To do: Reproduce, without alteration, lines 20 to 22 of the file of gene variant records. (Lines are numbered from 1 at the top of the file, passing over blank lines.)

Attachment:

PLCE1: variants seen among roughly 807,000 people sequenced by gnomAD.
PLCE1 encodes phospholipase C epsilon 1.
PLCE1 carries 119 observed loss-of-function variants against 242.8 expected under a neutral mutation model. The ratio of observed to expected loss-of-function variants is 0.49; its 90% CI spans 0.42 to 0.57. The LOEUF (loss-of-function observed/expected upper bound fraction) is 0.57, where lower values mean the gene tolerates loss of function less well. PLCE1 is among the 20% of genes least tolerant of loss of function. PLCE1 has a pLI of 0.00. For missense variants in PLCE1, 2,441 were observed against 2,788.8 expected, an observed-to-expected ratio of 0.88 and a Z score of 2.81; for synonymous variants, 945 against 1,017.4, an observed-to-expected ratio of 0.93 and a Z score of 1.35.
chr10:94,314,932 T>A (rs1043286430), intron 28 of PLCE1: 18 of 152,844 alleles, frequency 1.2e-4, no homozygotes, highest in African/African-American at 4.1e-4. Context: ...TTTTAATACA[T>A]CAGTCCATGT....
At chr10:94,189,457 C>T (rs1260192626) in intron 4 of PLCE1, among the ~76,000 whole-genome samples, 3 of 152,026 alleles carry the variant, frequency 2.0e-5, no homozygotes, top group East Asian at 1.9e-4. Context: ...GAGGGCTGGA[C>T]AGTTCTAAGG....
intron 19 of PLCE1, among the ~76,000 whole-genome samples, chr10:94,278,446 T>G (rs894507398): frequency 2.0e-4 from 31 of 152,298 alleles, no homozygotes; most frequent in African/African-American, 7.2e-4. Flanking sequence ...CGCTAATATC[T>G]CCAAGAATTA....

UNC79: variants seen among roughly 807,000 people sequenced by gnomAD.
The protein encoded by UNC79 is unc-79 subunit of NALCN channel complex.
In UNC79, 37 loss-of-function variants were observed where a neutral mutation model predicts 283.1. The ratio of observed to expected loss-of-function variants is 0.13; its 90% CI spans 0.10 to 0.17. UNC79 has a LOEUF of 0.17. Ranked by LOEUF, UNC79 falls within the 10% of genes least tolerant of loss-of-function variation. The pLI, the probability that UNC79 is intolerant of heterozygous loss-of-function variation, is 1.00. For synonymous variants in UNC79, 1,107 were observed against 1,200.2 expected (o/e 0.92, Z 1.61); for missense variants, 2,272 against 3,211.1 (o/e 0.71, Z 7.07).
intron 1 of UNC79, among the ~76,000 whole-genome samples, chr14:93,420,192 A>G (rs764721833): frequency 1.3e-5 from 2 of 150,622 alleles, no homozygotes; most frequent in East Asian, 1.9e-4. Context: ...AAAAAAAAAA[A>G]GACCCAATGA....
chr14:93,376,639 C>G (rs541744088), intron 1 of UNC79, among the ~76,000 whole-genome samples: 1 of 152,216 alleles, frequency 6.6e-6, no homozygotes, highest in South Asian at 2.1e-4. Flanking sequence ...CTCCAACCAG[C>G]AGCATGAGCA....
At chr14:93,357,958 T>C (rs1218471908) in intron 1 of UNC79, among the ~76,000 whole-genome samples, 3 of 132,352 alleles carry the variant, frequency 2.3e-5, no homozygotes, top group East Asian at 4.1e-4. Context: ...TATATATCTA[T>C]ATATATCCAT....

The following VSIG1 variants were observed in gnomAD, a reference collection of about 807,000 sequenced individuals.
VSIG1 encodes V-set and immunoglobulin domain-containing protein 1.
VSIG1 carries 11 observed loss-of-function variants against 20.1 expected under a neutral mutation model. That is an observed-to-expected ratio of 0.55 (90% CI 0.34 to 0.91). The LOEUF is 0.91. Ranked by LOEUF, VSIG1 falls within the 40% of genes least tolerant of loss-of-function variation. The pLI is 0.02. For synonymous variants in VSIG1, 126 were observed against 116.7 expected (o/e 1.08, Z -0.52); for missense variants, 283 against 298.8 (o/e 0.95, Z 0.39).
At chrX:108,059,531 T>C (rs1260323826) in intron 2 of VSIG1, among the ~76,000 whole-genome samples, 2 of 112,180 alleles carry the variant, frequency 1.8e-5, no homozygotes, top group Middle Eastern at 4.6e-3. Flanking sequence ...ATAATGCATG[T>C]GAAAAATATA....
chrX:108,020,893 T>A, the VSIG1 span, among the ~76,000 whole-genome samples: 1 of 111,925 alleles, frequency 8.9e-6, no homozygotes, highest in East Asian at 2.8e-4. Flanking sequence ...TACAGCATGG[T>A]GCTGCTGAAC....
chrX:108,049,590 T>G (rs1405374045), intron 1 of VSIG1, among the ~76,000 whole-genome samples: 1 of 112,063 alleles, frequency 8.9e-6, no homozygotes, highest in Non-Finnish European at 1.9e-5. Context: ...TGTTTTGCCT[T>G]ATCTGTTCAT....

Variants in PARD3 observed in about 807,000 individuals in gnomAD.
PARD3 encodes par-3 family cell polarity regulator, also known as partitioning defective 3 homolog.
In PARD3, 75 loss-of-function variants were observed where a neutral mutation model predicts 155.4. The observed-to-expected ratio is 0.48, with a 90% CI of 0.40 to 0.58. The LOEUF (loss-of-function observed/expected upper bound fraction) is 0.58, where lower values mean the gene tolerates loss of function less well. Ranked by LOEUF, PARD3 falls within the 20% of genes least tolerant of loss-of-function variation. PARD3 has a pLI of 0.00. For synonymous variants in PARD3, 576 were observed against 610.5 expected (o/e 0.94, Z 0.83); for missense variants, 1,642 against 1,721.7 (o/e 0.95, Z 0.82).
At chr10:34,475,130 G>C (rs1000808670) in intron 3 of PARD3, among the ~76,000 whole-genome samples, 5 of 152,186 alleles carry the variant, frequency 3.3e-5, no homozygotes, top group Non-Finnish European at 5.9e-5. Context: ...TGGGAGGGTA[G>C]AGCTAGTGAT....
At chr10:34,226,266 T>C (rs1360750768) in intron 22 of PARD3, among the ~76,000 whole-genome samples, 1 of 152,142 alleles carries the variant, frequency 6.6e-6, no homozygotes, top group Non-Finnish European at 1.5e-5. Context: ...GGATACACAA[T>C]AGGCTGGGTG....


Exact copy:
PARD3 encodes par-3 family cell polarity regulator, also known as partitioning defective 3 homolog.
In PARD3, 75 loss-of-function variants were observed where a neutral mutation model predicts 155.4. The observed-to-expected ratio is 0.48, with a 90% CI of 0.40 to 0.58. The LOEUF (loss-of-function observed/expected upper bound fraction) is 0.58, where lower values mean the gene tolerates loss of function less well. Ranked by LOEUF, PARD3 falls within the 20% of genes least tolerant of loss-of-function variation. PARD3 has a pLI of 0.00. For synonymous variants in PARD3, 576 were observed against 610.5 expected (o/e 0.94, Z 0.83); for missense variants, 1,642 against 1,721.7 (o/e 0.95, Z 0.82).
At chr10:34,475,130 G>C (rs1000808670) in intron 3 of PARD3, among the ~76,000 whole-genome samples, 5 of 152,186 alleles carry the variant, frequency 3.3e-5, no homozygotes, top group Non-Finnish European at 5.9e-5. Context: ...TGGGAGGGTA[G>C]AGCTAGTGAT....